This novel by Margot Livesy has been on my to-read list for so long that I had forgotten why I was so excited to read it in the first place. I vaguely remembered it was in the category of those “modern day adaptation” novels, and thought it was a Jane Austen novel at first. Maybe Emma. It was only when Gemma left Yew House for her horrible boarding school that I remembered it was, in fact, a new version of Jane Eyre.
Why do you decide to re-write a classic novel? I imagine it could be out of incredible love for the original story. Or because as an artist, you see something in the story that’s missing, some part of the story that isn’t being told that should be. I think of Wide Sargasso Sea, a beautiful novel from the perspective of Bertha, the madwoman in the attic in Jane Eyre.
It’s a brave, brave thing to do, because you have just made it incredibly easy for all your readers to compare your novel to one of the greatest works of fiction of all time. Yikes. And though I can imagine wanting to re-create Jane Eyre out of an incredible love for the story, wouldn’t there also be a kind of sense in which there is no way to improve upon the original?
The Flight of Gemma Hardy made me very much want to go back and read Jane Eyre again. I have the vague memory that I discussed Jane Eyre in a college English course, though I can’t remember which one. I remember making connections between Bertha and Charlotte Perkins Gilman’s story, “The Yellow Wallpaper.” There seemed to be so much to say about Jane Eyre from so many different theories of literary criticism.
Why are there so many things to say about Jane Eyre? Is it because it is truly and objectively a masterpiece, or is it because Charlotte Bronte got lucky? Or is it a combination of the two? I’m likely to say some combination of the two. You can wax on and on about the deep symbolic meaning in almost any piece of art if you’re clever enough. And let us confess that we never come to a book as blank slates; how much of our love of Jane Eyre or any other classic is conditioned on growing up in a culture that tells us this is what we should love, if we are smart and discerning and intelligent people? Who doesn’t want to be a smart, discerning and intelligent person?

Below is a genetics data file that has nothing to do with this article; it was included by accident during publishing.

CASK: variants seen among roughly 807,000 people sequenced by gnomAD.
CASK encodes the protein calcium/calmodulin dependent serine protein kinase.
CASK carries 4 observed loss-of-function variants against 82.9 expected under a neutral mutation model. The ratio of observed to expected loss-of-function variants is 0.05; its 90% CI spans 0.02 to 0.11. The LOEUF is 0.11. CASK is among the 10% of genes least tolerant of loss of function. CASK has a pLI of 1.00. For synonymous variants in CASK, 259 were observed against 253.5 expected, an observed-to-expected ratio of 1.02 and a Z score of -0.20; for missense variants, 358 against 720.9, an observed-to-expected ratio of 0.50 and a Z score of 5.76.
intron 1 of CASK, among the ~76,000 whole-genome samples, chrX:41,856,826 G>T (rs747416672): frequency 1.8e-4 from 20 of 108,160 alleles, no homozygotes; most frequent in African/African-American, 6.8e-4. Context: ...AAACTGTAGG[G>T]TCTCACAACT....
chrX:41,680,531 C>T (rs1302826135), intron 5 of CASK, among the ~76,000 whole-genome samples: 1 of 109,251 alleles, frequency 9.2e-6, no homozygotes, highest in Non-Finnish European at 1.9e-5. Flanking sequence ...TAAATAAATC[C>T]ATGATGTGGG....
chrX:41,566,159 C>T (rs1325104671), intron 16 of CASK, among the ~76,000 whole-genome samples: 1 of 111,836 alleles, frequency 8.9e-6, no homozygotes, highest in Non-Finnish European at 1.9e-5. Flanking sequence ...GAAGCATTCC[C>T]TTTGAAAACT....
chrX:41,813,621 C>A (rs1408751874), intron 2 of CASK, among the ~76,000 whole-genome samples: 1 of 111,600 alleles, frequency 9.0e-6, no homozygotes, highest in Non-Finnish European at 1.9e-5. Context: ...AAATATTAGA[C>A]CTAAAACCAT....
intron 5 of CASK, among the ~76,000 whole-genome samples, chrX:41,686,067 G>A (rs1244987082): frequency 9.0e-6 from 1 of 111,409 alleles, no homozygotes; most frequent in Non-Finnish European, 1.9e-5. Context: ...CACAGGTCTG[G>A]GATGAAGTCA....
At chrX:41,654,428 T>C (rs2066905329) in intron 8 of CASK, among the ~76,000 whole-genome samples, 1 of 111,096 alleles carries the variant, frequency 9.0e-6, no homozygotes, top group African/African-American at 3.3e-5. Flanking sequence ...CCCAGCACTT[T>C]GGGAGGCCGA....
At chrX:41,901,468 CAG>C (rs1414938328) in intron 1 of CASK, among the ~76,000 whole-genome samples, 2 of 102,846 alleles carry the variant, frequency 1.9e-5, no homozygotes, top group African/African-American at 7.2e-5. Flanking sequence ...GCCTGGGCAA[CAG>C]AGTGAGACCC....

All the same, I love Jane Eyre. I love the novel and I love her as a character. The phrase, “Reader, I married him,” is one that bounces around in my head like a ghost. The directness of Jane Eyre summing it all up for you right there at the end.
It’s been a long time since I’ve read Jane Eyre, though obviously it looks as if I’ll have to correct that soon. I don’t remember what else I like about Jane so much. There’s just the simple fact that I do. And I didn’t feel the same way about Gemma Hardy. Or her Rochester, Mr. Sinclair. I think I’m meant to think that the obstacle that keeps Gemma from marrying Mr. Sinclair at first–the mad wife in the attic in Jane Eyre–is supposed to be a kind of equivalent. But it isn’t, and so mostly I think Gemma’s being priggish and silly when she leaves Mr. Sinclair. And I think the people she encounters are a lot meaner and colder than they need to be. Or maybe it’s easier to accept meanness and coldness in a novel set in the historical distance than it is to accept those things in a novel that is more contemporary.
I’m glad I read The Flight of Gemma Hardy, as it makes me think about the nature of classic works of literature, and will bring something new to my re-reading of Jane Eyre. But I don’t think it does as well at telling a new version of Jane Eyre as other novels in the same category. I think of Jane Smiley’s A Thousand Acres, which moves King Lear quite seamlessly onto the Iowa farmland. Or for that matter, O Brother Where Art Thou, which takes the Odyssey in a very entertaining direction.
As a final thought, here’s what a re-telling of a classic story does have going for it: the comfort and familiarity of seeing your favorite characters and favorite stories in a new light. If you don’t believe that we like to hear the same story over and over again, you’ve never spent time with small children who will ask you to read the same book or watch the same movie over, and over, and over, and over again. Literally, until you feel that you would like to smash said movie or book into a million tiny pieces. But a familiar story re-told is like meeting old friends again in a new and different setting; like traveling half-way around the world only to find your next door neighbor or your best friend from high school. And that, Reader, is a lovely pleasure indeed.